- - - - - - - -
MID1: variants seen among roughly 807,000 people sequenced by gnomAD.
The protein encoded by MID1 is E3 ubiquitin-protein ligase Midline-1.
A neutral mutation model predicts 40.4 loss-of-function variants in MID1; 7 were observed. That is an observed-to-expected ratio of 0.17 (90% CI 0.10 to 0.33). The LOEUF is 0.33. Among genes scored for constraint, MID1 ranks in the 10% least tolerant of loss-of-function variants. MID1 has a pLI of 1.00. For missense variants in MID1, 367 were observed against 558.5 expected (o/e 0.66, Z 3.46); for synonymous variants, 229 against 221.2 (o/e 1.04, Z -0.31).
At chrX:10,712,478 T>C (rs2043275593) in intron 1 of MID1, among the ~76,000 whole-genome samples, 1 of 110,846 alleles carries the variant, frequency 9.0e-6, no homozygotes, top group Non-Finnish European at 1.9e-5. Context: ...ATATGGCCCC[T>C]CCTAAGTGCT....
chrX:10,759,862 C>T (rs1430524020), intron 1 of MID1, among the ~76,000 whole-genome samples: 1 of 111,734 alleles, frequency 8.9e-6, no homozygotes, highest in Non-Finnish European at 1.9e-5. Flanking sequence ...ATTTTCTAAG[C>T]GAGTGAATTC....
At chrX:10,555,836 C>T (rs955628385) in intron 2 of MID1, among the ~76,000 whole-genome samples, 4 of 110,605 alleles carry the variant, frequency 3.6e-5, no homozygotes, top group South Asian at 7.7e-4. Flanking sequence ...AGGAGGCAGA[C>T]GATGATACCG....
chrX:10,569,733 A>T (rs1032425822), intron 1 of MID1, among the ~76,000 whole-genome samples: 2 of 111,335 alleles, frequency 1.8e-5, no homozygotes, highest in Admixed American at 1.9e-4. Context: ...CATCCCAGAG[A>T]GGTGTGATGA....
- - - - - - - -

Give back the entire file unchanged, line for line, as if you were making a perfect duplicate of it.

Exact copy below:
MID1: variants seen among roughly 807,000 people sequenced by gnomAD.
The protein encoded by MID1 is E3 ubiquitin-protein ligase Midline-1.
A neutral mutation model predicts 40.4 loss-of-function variants in MID1; 7 were observed. That is an observed-to-expected ratio of 0.17 (90% CI 0.10 to 0.33). The LOEUF is 0.33. Among genes scored for constraint, MID1 ranks in the 10% least tolerant of loss-of-function variants. MID1 has a pLI of 1.00. For missense variants in MID1, 367 were observed against 558.5 expected (o/e 0.66, Z 3.46); for synonymous variants, 229 against 221.2 (o/e 1.04, Z -0.31).
At chrX:10,712,478 T>C (rs2043275593) in intron 1 of MID1, among the ~76,000 whole-genome samples, 1 of 110,846 alleles carries the variant, frequency 9.0e-6, no homozygotes, top group Non-Finnish European at 1.9e-5. Context: ...ATATGGCCCC[T>C]CCTAAGTGCT....
chrX:10,759,862 C>T (rs1430524020), intron 1 of MID1, among the ~76,000 whole-genome samples: 1 of 111,734 alleles, frequency 8.9e-6, no homozygotes, highest in Non-Finnish European at 1.9e-5. Flanking sequence ...ATTTTCTAAG[C>T]GAGTGAATTC....
At chrX:10,555,836 C>T (rs955628385) in intron 2 of MID1, among the ~76,000 whole-genome samples, 4 of 110,605 alleles carry the variant, frequency 3.6e-5, no homozygotes, top group South Asian at 7.7e-4. Flanking sequence ...AGGAGGCAGA[C>T]GATGATACCG....
chrX:10,569,733 A>T (rs1032425822), intron 1 of MID1, among the ~76,000 whole-genome samples: 2 of 111,335 alleles, frequency 1.8e-5, no homozygotes, highest in Admixed American at 1.9e-4. Context: ...CATCCCAGAG[A>T]GGTGTGATGA....